Front Matter A Name to be Proud of Ready for Sea The King's Gift Why I am an Adventurer The Signal for Departure A Lad's Portion The Allotment of Land An Unexpected Delay Our Arrival at Cowes We Put to Sea The Dove Disappears A Second Tempest An Unseemly Christmas The Port of Barbadoes The Arrival of the Dove Under Sail Again The Land of America The Land Given by the King Fear of the Brown Men Where to Build the City Taking the Island A Voyage of Discovery Visiting the Indians An Unexpected Meeting Captain Fleet's Story An Indian Werowance Indian vs. English Claims Seeking a Place for the City The Bargain The Village of Yaocomico What the Indians Look Like Indian Weapons and Tools Landing the Goods Counting Our Blessings The Susquehanoughs A Land of Abundance Buying Cattle Storehouse and Fort A Visitor from Virginia A Talk with the Indians Running up the Colors Settling Down Master William Claiborne Lord Baltimore's Claims Stirring up the Indians Winning Back the Indians Busy Times Indian Women as Servants Making a Canoe A Boat of Bark Indian Money A Generous Harvest Trouble at Plymouth Strange Religious Service The Dance Begins An Odd Ceremony William Claiborne's War Settlement on Kent Island We Prepare for War The Army leaves St. Mary's In Command of the Guard A Flag of Truce Captain Fleet Repents The First Prize of War A Battle is Fought The Return of the Fleet William Claiborne's Flight The City of Saint Mary's A Cruel Murder Mystery Remains Unsolved Master George Evelin A Fatal Accident Preparing for Action Ready for a Man's Duty I Wear the Uniform My New Name On Board the Pinnance Indians in War Paint The Arrival at Kent Island The Capture of the Fort Butler and Smith Captives Back to Claiborne's Fort I am Assigned New Duties A Narrow Escape Words of Praise

Calvert of Maryland - James Otis

Fear of the Brown Man

This sweet picture, however, was not without its bitterness, as we soon came to understand when the night closed silently in around us, for then could be seen here, there, and everywhere, so far as the eye might reach, small fires kindled on both shores of the river, and around them brown men armed with guns, with spears, and with bows and arrows, as if they had made ready to prevent us from gaining a foothold upon the land which they most likely claimed as theirs, little dreaming that his Majesty of England, so far away, held to be owner of it all.

There was in my mind a fear that these brown-skinned people, who were guarding the river against our landing, might be cannibals, even as were those whom we had seen at the island of Barbadoes; but John, who claims to have heard much concerning the Indians of America from a cousin of his who lives in Jamestown, told me that we would find them friendly, if so be we were fair and honest in our dealings.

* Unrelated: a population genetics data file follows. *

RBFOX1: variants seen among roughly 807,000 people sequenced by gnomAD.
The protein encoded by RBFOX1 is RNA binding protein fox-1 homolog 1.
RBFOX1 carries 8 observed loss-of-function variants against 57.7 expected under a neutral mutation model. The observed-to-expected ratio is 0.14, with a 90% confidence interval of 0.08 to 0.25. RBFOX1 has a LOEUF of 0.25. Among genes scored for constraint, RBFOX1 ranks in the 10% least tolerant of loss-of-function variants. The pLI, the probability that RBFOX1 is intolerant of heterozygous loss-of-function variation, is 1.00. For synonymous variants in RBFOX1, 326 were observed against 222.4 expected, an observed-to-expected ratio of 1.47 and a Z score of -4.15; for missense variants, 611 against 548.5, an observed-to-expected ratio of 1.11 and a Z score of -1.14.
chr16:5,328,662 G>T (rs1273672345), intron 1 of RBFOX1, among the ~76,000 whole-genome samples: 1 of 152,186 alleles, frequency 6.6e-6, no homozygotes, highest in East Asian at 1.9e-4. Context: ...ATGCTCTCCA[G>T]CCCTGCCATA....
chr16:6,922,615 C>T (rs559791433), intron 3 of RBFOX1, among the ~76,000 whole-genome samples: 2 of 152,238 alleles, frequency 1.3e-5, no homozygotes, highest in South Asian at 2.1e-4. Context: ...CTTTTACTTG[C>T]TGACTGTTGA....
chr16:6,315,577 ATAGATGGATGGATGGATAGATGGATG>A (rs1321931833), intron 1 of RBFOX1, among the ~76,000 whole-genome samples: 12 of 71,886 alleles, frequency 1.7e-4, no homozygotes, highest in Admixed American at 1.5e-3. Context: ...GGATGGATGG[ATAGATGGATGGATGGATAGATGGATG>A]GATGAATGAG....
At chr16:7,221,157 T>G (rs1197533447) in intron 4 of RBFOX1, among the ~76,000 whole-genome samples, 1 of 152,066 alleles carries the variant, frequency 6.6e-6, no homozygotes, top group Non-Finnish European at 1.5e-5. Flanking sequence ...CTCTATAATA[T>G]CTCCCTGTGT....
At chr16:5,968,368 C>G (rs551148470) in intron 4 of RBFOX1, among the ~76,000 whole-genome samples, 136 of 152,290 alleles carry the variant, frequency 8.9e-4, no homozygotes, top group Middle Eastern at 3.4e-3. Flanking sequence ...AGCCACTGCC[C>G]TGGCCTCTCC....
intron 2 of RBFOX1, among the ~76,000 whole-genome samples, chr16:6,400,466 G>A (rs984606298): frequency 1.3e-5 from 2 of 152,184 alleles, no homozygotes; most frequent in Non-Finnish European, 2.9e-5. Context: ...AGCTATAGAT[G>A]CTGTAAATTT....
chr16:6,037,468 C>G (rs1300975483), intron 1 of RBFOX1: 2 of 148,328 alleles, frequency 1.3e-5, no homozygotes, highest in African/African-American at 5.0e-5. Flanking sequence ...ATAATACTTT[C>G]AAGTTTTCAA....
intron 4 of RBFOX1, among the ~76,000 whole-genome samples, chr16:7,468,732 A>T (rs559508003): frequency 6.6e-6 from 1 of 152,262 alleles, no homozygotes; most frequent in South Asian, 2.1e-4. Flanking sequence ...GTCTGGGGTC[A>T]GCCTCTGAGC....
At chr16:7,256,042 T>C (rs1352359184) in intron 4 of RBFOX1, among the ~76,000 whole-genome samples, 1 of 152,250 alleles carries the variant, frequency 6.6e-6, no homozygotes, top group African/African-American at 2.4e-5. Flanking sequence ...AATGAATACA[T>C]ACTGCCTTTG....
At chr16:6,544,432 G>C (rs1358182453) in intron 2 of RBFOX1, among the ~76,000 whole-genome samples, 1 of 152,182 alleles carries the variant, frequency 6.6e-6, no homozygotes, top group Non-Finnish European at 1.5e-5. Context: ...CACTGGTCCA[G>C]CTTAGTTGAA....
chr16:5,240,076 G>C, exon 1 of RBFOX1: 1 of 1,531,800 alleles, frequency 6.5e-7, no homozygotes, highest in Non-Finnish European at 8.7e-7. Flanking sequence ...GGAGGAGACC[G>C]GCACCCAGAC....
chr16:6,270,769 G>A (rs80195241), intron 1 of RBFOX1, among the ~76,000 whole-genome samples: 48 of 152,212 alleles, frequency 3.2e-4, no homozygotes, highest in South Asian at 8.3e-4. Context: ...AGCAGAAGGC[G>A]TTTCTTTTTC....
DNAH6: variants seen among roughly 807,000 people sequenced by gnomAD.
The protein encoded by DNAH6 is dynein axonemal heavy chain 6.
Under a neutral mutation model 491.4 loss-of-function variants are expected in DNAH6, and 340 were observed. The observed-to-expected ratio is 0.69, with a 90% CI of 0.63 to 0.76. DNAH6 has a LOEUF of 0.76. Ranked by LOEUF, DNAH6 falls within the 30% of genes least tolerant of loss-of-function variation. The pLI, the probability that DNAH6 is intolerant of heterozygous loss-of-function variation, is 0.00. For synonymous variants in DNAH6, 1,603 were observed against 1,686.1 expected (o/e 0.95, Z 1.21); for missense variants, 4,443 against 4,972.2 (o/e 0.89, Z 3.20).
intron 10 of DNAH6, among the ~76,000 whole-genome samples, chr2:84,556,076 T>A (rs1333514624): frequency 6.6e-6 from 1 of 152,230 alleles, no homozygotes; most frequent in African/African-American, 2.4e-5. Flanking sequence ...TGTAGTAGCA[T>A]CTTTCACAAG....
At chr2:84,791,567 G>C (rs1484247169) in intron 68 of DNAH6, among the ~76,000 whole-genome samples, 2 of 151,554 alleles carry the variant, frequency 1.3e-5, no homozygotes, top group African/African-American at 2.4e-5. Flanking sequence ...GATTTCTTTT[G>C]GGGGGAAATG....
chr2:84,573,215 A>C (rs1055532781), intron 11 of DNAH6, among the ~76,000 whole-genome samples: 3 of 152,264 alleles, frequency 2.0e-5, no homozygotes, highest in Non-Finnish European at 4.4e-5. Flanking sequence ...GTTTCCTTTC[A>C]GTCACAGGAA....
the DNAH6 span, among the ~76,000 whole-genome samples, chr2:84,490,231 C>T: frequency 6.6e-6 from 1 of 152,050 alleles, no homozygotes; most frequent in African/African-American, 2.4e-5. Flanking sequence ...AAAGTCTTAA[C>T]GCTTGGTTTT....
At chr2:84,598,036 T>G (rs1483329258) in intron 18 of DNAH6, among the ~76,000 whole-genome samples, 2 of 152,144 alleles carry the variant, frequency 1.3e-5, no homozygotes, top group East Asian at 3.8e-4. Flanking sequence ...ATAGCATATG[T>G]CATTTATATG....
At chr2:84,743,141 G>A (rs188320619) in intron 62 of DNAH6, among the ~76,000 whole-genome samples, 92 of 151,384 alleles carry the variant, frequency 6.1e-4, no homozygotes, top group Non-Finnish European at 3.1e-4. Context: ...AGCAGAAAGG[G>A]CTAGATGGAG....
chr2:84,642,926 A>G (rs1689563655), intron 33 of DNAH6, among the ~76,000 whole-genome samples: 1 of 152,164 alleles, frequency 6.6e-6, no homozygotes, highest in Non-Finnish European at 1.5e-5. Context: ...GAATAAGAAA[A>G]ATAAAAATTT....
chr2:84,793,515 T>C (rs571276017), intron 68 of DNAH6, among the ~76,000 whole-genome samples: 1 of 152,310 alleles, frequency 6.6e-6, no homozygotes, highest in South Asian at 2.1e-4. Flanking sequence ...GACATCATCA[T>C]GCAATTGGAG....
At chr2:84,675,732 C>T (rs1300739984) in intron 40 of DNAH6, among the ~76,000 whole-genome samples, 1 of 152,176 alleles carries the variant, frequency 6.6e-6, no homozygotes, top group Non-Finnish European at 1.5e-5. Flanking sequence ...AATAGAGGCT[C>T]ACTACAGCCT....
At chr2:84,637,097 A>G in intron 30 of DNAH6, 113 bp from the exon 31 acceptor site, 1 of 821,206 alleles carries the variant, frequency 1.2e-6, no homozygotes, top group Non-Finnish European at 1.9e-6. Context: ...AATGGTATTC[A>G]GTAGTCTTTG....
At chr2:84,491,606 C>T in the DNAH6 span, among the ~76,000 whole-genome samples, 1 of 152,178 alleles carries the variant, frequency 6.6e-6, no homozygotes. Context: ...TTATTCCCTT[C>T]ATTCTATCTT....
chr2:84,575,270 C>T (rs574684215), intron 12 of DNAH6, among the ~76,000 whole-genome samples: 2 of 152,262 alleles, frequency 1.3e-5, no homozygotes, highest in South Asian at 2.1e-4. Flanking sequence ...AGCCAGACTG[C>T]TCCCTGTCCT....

Why they had thus gathered as if to oppose our landing, John could not say, and I misdoubted much of what he told me, believing he repeated the words simply to give me courage, for I saw on his face, as I did on the faces of many others around me, a look of distrust and fear.

It is true that the people of Virginia whom we had met while lying under Governor Harvey's fort claimed that we need have no fear concerning these savages, and yet all our company must have asked this same question, which was, that if we had been told the truth, why were these brown men gathered around us armed as if for battle, and with watch fires so plentiful that a boat might not pass from the ship to the shore without being seen?

Not until we were come near to the island, which Governor Calvert at once named St. Clements, were the anchors dropped, nor was a careful guard set lest the brown men should attempt to come on board against our will. Then were those who were on other duty told that they might seek repose.

As for myself, I could no more have gone into the great cabin, shutting out the sweet odors of the land, than I could have flown. The fact that we had come, after so long a journey, to our own Province of Maryland, finding it such a delightful country, would alone have kept my feet glued to the deck.

[Illustration] from Calvert of Maryland by James Otis

The beauty of it was so unexpected as to be unreal, and there was in my mind a certain fear lest it might fade away like images in a dream, if I took my eyes from it, and yet in the darkness I could see nothing save the gloom of the land and those numberless watch fires.

I must have slept somewhat before morning, however, else did the time pass unusually fast, for when the day came, all glorious with the golden light that gave to the foliage a vivid green and caused the birds to burst forth in floods of melody, it seemed as if no more than two or three hours had passed.